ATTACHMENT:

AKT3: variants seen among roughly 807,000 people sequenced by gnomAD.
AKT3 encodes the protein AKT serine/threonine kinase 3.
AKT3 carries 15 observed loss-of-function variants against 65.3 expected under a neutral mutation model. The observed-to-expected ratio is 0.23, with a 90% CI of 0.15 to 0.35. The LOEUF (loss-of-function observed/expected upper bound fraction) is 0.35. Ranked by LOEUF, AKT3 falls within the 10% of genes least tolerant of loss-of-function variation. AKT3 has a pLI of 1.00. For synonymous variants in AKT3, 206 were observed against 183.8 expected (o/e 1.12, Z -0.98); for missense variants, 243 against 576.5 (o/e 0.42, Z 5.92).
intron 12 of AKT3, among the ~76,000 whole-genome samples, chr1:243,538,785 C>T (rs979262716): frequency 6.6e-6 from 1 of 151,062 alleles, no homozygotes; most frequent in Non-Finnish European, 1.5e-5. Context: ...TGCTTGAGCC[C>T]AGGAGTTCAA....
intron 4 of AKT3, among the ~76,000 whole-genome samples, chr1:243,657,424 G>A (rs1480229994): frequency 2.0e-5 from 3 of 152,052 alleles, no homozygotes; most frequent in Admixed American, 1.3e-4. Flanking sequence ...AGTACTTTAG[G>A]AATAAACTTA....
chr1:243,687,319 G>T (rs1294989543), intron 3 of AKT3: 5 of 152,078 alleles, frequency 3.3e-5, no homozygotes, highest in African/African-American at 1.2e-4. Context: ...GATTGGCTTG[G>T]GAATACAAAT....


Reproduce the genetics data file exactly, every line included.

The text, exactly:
AKT3: variants seen among roughly 807,000 people sequenced by gnomAD.
AKT3 encodes the protein AKT serine/threonine kinase 3.
AKT3 carries 15 observed loss-of-function variants against 65.3 expected under a neutral mutation model. The observed-to-expected ratio is 0.23, with a 90% CI of 0.15 to 0.35. The LOEUF (loss-of-function observed/expected upper bound fraction) is 0.35. Ranked by LOEUF, AKT3 falls within the 10% of genes least tolerant of loss-of-function variation. AKT3 has a pLI of 1.00. For synonymous variants in AKT3, 206 were observed against 183.8 expected (o/e 1.12, Z -0.98); for missense variants, 243 against 576.5 (o/e 0.42, Z 5.92).
intron 12 of AKT3, among the ~76,000 whole-genome samples, chr1:243,538,785 C>T (rs979262716): frequency 6.6e-6 from 1 of 151,062 alleles, no homozygotes; most frequent in Non-Finnish European, 1.5e-5. Context: ...TGCTTGAGCC[C>T]AGGAGTTCAA....
intron 4 of AKT3, among the ~76,000 whole-genome samples, chr1:243,657,424 G>A (rs1480229994): frequency 2.0e-5 from 3 of 152,052 alleles, no homozygotes; most frequent in Admixed American, 1.3e-4. Flanking sequence ...AGTACTTTAG[G>A]AATAAACTTA....
chr1:243,687,319 G>T (rs1294989543), intron 3 of AKT3: 5 of 152,078 alleles, frequency 3.3e-5, no homozygotes, highest in African/African-American at 1.2e-4. Context: ...GATTGGCTTG[G>T]GAATACAAAT....